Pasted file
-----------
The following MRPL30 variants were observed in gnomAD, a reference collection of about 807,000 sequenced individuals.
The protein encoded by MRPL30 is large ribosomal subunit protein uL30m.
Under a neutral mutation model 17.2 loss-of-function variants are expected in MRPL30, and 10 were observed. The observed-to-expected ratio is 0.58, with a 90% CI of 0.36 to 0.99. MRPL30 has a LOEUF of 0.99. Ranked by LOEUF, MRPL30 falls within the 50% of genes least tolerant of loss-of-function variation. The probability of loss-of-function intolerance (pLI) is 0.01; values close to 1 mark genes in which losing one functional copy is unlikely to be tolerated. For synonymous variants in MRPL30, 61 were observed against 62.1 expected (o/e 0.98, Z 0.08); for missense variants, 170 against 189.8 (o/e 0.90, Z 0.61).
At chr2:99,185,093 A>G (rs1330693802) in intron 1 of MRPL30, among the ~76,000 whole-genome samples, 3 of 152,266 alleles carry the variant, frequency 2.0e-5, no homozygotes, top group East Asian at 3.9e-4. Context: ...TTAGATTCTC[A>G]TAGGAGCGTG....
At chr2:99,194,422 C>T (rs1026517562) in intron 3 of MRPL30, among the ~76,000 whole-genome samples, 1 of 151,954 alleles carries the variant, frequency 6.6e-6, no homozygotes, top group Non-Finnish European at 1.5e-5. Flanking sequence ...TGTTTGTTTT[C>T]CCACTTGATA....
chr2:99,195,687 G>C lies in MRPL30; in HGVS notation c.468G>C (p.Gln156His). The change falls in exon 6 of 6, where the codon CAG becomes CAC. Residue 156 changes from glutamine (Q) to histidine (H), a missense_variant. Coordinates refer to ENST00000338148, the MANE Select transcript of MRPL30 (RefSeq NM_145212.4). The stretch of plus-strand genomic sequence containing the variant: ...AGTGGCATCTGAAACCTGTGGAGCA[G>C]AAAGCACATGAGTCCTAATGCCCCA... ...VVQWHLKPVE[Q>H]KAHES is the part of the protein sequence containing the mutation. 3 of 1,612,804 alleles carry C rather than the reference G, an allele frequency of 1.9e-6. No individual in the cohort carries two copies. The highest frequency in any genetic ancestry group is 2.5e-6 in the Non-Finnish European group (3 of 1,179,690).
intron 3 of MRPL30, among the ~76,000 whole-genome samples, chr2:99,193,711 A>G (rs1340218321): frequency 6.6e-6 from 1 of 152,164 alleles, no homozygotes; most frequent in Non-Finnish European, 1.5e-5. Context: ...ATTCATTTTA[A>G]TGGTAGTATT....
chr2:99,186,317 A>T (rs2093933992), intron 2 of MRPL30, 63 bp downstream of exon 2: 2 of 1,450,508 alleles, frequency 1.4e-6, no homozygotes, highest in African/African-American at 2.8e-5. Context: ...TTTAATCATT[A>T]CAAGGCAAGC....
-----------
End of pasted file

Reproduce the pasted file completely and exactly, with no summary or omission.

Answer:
The following MRPL30 variants were observed in gnomAD, a reference collection of about 807,000 sequenced individuals.
The protein encoded by MRPL30 is large ribosomal subunit protein uL30m.
Under a neutral mutation model 17.2 loss-of-function variants are expected in MRPL30, and 10 were observed. The observed-to-expected ratio is 0.58, with a 90% CI of 0.36 to 0.99. MRPL30 has a LOEUF of 0.99. Ranked by LOEUF, MRPL30 falls within the 50% of genes least tolerant of loss-of-function variation. The probability of loss-of-function intolerance (pLI) is 0.01; values close to 1 mark genes in which losing one functional copy is unlikely to be tolerated. For synonymous variants in MRPL30, 61 were observed against 62.1 expected (o/e 0.98, Z 0.08); for missense variants, 170 against 189.8 (o/e 0.90, Z 0.61).
At chr2:99,185,093 A>G (rs1330693802) in intron 1 of MRPL30, among the ~76,000 whole-genome samples, 3 of 152,266 alleles carry the variant, frequency 2.0e-5, no homozygotes, top group East Asian at 3.9e-4. Context: ...TTAGATTCTC[A>G]TAGGAGCGTG....
At chr2:99,194,422 C>T (rs1026517562) in intron 3 of MRPL30, among the ~76,000 whole-genome samples, 1 of 151,954 alleles carries the variant, frequency 6.6e-6, no homozygotes, top group Non-Finnish European at 1.5e-5. Flanking sequence ...TGTTTGTTTT[C>T]CCACTTGATA....
chr2:99,195,687 G>C lies in MRPL30; in HGVS notation c.468G>C (p.Gln156His). The change falls in exon 6 of 6, where the codon CAG becomes CAC. Residue 156 changes from glutamine (Q) to histidine (H), a missense_variant. Coordinates refer to ENST00000338148, the MANE Select transcript of MRPL30 (RefSeq NM_145212.4). The stretch of plus-strand genomic sequence containing the variant: ...AGTGGCATCTGAAACCTGTGGAGCA[G>C]AAAGCACATGAGTCCTAATGCCCCA... ...VVQWHLKPVE[Q>H]KAHES is the part of the protein sequence containing the mutation. 3 of 1,612,804 alleles carry C rather than the reference G, an allele frequency of 1.9e-6. No individual in the cohort carries two copies. The highest frequency in any genetic ancestry group is 2.5e-6 in the Non-Finnish European group (3 of 1,179,690).
intron 3 of MRPL30, among the ~76,000 whole-genome samples, chr2:99,193,711 A>G (rs1340218321): frequency 6.6e-6 from 1 of 152,164 alleles, no homozygotes; most frequent in Non-Finnish European, 1.5e-5. Context: ...ATTCATTTTA[A>G]TGGTAGTATT....
chr2:99,186,317 A>T (rs2093933992), intron 2 of MRPL30, 63 bp downstream of exon 2: 2 of 1,450,508 alleles, frequency 1.4e-6, no homozygotes, highest in African/African-American at 2.8e-5. Context: ...TTTAATCATT[A>T]CAAGGCAAGC....